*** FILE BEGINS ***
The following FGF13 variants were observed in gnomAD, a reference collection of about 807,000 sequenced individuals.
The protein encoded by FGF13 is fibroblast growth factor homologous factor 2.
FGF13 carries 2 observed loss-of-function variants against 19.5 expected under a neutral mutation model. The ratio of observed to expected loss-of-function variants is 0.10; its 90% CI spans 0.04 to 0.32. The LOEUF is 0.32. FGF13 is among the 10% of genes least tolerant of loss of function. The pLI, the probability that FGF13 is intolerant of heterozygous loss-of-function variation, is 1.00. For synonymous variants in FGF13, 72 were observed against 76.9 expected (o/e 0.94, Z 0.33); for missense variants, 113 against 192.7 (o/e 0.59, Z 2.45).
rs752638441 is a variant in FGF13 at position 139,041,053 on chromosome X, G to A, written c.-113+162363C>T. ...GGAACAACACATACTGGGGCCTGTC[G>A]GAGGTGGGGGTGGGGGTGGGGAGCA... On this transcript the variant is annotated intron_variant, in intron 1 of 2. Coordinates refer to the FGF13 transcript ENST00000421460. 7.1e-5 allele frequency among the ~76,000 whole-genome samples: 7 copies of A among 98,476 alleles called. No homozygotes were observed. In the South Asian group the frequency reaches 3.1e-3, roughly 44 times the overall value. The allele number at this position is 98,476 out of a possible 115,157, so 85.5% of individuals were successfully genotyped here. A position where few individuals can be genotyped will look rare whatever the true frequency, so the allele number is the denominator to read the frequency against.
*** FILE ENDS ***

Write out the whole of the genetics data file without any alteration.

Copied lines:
The following FGF13 variants were observed in gnomAD, a reference collection of about 807,000 sequenced individuals.
The protein encoded by FGF13 is fibroblast growth factor homologous factor 2.
FGF13 carries 2 observed loss-of-function variants against 19.5 expected under a neutral mutation model. The ratio of observed to expected loss-of-function variants is 0.10; its 90% CI spans 0.04 to 0.32. The LOEUF is 0.32. FGF13 is among the 10% of genes least tolerant of loss of function. The pLI, the probability that FGF13 is intolerant of heterozygous loss-of-function variation, is 1.00. For synonymous variants in FGF13, 72 were observed against 76.9 expected (o/e 0.94, Z 0.33); for missense variants, 113 against 192.7 (o/e 0.59, Z 2.45).
rs752638441 is a variant in FGF13 at position 139,041,053 on chromosome X, G to A, written c.-113+162363C>T. ...GGAACAACACATACTGGGGCCTGTC[G>A]GAGGTGGGGGTGGGGGTGGGGAGCA... On this transcript the variant is annotated intron_variant, in intron 1 of 2. Coordinates refer to the FGF13 transcript ENST00000421460. 7.1e-5 allele frequency among the ~76,000 whole-genome samples: 7 copies of A among 98,476 alleles called. No homozygotes were observed. In the South Asian group the frequency reaches 3.1e-3, roughly 44 times the overall value. The allele number at this position is 98,476 out of a possible 115,157, so 85.5% of individuals were successfully genotyped here. A position where few individuals can be genotyped will look rare whatever the true frequency, so the allele number is the denominator to read the frequency against.